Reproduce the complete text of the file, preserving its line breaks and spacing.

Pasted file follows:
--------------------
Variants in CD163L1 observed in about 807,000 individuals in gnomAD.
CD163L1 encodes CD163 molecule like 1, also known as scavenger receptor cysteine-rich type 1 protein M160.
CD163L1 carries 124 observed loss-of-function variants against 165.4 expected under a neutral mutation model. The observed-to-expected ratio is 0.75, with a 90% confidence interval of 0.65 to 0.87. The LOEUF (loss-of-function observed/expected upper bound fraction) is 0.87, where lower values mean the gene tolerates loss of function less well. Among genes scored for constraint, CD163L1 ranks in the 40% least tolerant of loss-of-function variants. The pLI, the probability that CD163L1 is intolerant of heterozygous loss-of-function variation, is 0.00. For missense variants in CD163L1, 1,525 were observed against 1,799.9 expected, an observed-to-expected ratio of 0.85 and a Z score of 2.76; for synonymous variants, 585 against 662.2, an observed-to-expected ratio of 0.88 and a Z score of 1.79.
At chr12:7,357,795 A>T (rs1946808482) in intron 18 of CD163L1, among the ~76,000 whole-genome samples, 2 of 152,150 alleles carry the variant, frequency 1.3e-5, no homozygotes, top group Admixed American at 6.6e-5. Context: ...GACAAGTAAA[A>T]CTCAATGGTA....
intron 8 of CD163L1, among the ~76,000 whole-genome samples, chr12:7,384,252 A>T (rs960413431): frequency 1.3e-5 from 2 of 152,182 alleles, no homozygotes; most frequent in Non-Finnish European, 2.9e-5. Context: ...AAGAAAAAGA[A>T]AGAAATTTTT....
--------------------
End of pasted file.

Variants in CD163L1 observed in about 807,000 individuals in gnomAD.
CD163L1 encodes CD163 molecule like 1, also known as scavenger receptor cysteine-rich type 1 protein M160.
CD163L1 carries 124 observed loss-of-function variants against 165.4 expected under a neutral mutation model. The observed-to-expected ratio is 0.75, with a 90% confidence interval of 0.65 to 0.87. The LOEUF (loss-of-function observed/expected upper bound fraction) is 0.87, where lower values mean the gene tolerates loss of function less well. Among genes scored for constraint, CD163L1 ranks in the 40% least tolerant of loss-of-function variants. The pLI, the probability that CD163L1 is intolerant of heterozygous loss-of-function variation, is 0.00. For missense variants in CD163L1, 1,525 were observed against 1,799.9 expected, an observed-to-expected ratio of 0.85 and a Z score of 2.76; for synonymous variants, 585 against 662.2, an observed-to-expected ratio of 0.88 and a Z score of 1.79.
At chr12:7,357,795 A>T (rs1946808482) in intron 18 of CD163L1, among the ~76,000 whole-genome samples, 2 of 152,150 alleles carry the variant, frequency 1.3e-5, no homozygotes, top group Admixed American at 6.6e-5. Context: ...GACAAGTAAA[A>T]CTCAATGGTA....
intron 8 of CD163L1, among the ~76,000 whole-genome samples, chr12:7,384,252 A>T (rs960413431): frequency 1.3e-5 from 2 of 152,182 alleles, no homozygotes; most frequent in Non-Finnish European, 2.9e-5. Context: ...AAGAAAAAGA[A>T]AGAAATTTTT....